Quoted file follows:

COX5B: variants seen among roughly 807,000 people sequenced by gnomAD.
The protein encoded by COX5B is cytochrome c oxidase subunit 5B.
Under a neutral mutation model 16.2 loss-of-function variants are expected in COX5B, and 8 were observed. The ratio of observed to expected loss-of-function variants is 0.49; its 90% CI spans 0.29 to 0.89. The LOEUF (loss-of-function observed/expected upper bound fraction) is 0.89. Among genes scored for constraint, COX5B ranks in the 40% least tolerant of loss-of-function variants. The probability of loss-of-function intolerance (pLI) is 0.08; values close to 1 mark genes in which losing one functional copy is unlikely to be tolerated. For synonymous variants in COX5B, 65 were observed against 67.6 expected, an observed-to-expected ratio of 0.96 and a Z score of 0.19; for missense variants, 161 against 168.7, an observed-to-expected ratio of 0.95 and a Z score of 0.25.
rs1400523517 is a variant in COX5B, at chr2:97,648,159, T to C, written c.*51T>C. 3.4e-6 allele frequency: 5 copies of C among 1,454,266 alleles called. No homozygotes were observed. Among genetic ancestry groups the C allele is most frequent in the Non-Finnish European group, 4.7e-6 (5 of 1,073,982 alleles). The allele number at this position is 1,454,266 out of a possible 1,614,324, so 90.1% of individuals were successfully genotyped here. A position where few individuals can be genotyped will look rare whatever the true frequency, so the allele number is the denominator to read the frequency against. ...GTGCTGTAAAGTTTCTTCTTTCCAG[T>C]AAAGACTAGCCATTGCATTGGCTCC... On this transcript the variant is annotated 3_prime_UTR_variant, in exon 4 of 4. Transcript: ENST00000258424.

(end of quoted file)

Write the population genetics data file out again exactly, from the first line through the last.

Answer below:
COX5B: variants seen among roughly 807,000 people sequenced by gnomAD.
The protein encoded by COX5B is cytochrome c oxidase subunit 5B.
Under a neutral mutation model 16.2 loss-of-function variants are expected in COX5B, and 8 were observed. The ratio of observed to expected loss-of-function variants is 0.49; its 90% CI spans 0.29 to 0.89. The LOEUF (loss-of-function observed/expected upper bound fraction) is 0.89. Among genes scored for constraint, COX5B ranks in the 40% least tolerant of loss-of-function variants. The probability of loss-of-function intolerance (pLI) is 0.08; values close to 1 mark genes in which losing one functional copy is unlikely to be tolerated. For synonymous variants in COX5B, 65 were observed against 67.6 expected, an observed-to-expected ratio of 0.96 and a Z score of 0.19; for missense variants, 161 against 168.7, an observed-to-expected ratio of 0.95 and a Z score of 0.25.
rs1400523517 is a variant in COX5B, at chr2:97,648,159, T to C, written c.*51T>C. 3.4e-6 allele frequency: 5 copies of C among 1,454,266 alleles called. No homozygotes were observed. Among genetic ancestry groups the C allele is most frequent in the Non-Finnish European group, 4.7e-6 (5 of 1,073,982 alleles). The allele number at this position is 1,454,266 out of a possible 1,614,324, so 90.1% of individuals were successfully genotyped here. A position where few individuals can be genotyped will look rare whatever the true frequency, so the allele number is the denominator to read the frequency against. ...GTGCTGTAAAGTTTCTTCTTTCCAG[T>C]AAAGACTAGCCATTGCATTGGCTCC... On this transcript the variant is annotated 3_prime_UTR_variant, in exon 4 of 4. Transcript: ENST00000258424.